4. 'Animal spirits' indeed! They leveraged it to the fullest. Unfortunately, they leveraged their own, and not those whom they were supposed to fund and excite, so more real-world productivity could happen.
  5. Distribution of capital was totally flawed. Only a few banks (and bankers) had access to trillions of dollars, and this happened through years of what these criminals call 'industry consolidation' (another name for killing competition. Ironical, isn't it?)
  6. Profits, for sure! For themselves, and the next 100 generations of theirs.
But capitalism's mother nature has her ways of settling the scores of those who think they are just too intelligent for everyone else.
The entire edifice of leveraging that these US bankers built, fell upon itself. This is called "implosion". Nowhere in history will you find an example more apt than this of an implosion. The banks just collapsed. They kept lending (for buying homes) to idiots (who could never have repaid) as the bank-salesmen had their incentives tied to the number of loans they could issue (and in the rah-rah boom years, all that looked so real, so do-able, so correct!), the bankers kept making money out of their quarterly profits and bonuses, and the Federal Reserve just sat tight with its eyes shut, ensuring adequate money flowed through the banking system. And to soothe the naysayers, AIG was roped in to put its seal of insurance on everything that remotely looked suspicious (AIG executives later revealed that they had no idea what documents they were signing.. it was like printing revenues!).

So Extreme Capitalism took its toll. The key crimes of the regulators - the US government and Federal Reserve - through the past 15 years were -
  • Being a silent observer of every conceivable excess, including leverage ratios like 1:33
  • Allowing money to flood the system through easy (loose) monetary policies of the Fed (assuming that more money into the system will help boost consumer credit, which will boost consumer demand, which will boost everything else)
  • Borrowing like mad from China (and some more nations)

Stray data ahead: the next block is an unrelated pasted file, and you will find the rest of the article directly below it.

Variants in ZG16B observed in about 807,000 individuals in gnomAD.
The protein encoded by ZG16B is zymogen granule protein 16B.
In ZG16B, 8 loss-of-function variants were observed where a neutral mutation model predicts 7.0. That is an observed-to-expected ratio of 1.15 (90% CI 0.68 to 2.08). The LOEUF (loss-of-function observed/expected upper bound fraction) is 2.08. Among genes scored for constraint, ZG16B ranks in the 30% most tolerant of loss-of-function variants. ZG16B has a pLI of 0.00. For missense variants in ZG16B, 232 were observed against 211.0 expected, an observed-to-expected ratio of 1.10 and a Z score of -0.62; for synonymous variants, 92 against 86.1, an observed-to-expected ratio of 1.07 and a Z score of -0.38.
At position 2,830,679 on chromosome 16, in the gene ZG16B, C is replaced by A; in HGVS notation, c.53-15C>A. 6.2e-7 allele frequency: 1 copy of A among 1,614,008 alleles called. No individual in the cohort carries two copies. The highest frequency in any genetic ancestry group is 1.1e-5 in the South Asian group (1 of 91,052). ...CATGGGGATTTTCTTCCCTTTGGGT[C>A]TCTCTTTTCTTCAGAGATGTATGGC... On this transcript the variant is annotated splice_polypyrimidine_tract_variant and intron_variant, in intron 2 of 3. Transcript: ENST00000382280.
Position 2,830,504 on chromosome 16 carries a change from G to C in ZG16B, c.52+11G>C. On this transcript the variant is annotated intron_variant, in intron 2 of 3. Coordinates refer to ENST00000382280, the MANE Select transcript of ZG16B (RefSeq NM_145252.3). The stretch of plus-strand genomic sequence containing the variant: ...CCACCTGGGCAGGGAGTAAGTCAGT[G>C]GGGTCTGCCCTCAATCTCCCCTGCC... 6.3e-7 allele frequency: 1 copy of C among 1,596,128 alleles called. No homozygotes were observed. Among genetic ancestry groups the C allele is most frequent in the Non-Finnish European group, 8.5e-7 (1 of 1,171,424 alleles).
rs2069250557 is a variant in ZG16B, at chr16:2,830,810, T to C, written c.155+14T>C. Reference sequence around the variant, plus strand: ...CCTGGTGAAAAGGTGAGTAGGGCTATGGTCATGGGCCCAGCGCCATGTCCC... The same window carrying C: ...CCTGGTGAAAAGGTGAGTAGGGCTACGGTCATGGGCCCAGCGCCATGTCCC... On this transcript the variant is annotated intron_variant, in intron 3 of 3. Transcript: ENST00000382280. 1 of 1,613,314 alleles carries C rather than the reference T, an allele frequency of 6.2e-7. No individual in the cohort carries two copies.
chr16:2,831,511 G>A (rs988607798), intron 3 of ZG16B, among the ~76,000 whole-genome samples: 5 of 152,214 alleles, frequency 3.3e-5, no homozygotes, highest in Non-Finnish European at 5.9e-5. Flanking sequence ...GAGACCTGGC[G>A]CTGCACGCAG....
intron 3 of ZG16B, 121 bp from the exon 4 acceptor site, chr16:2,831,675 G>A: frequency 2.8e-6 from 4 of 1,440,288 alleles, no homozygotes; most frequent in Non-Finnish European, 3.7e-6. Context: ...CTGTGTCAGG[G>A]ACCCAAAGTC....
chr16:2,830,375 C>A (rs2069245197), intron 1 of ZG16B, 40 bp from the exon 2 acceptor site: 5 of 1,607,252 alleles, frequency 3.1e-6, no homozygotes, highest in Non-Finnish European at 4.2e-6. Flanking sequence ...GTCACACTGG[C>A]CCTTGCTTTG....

• Allowing absolutely dangerous deregulation to take place (depository banks allowed to indulge in investment banking activities) under the amazingly stupid notion that "risks have been tamed in markets for the foreseeable future, through the rigorous statistical quantitative tools used by modern risk managers!" (the failure of LTCM was forgotten all too easily)
  • Quietly allowing government officials and top corporate honchos to look like mirror images of each other (the man who was part of the gang responsible for creating the credit crisis in US (Henry Paulson, head of Goldman Sachs) was made the Treasury Secretary of federal govt.!)
  • Maintaining a huge military presence around the world to artificially keep faith in the US dollar as the ultimate reserve currency intact (in people's minds around the world.. though many spoke their hearts out against the USD's domination of the world currency system and demanding a mixed basket of currencies instead)
  • The biggest folly - despite being the land of capitalism's origin and genuine nurturing, silently allowing the system to corrode, become hostage to glib MBAs from Ivy-league institutions, and to spread the risk around the world by the fantastic tool called globalisation (so the villagers in Norway too went bankrupt when the beautifully created and fully-insured US CDOs collapsed!)
All this nonsense of the Wall street spilled onto the Main street. The pain has been felt the world over. Entire industries have suffered. Innocent workers have lost livelihoods. Young graduates are struggling to get jobs, as companies have suddenly tightened their belts, fearing the vagaries of the future. All this pain, just because the big daddies of Wall Street could not rein in their blind hunger for more.

Thankfully, the Indian government and the RBI did not heed aggressive requests from the West to open the entire Indian banking sector, and to follow policies like they did in the West. If we had done that, India would have faced a civil war now (with the banking sector gone bust, and the government in no position to offer king-size bailouts like the US govt.). I suspect, with a smile, that the RBI knew all along what was coming their (the US's) way! As a colleague beautifully said - "If you know, then ignorance is bliss!"

Today, with the European crisis looming large, big questions abound. Where is all this heading to? Some simple answers are apparent -
  • The US economic recovery will take at least 5 to 8 years. It will not happen in a hurry at all.
  • The de-leveraging of the consumer households in the US (as they pay down their debts) will create further pains in the economy. Austerity drives will do so, too.
  • Lots of loan defaults in US will happen (although, in all fairness, majority of the borrowers still pay in time)
  • Europe will remain troubled for a long time. Big nations like Germany will not succumb easily to the cries of the vultures to help unconditionally. And that's fair enough.
  • Large scale arson and rioting may lead to world-leaders sitting at the table and simply "resetting" debt terms amongst each other. That would be a ludicrous but effective way to handle a looming civilian crisis. Like always, it will be a huge disincentive for the honest captains who ran a tight ship.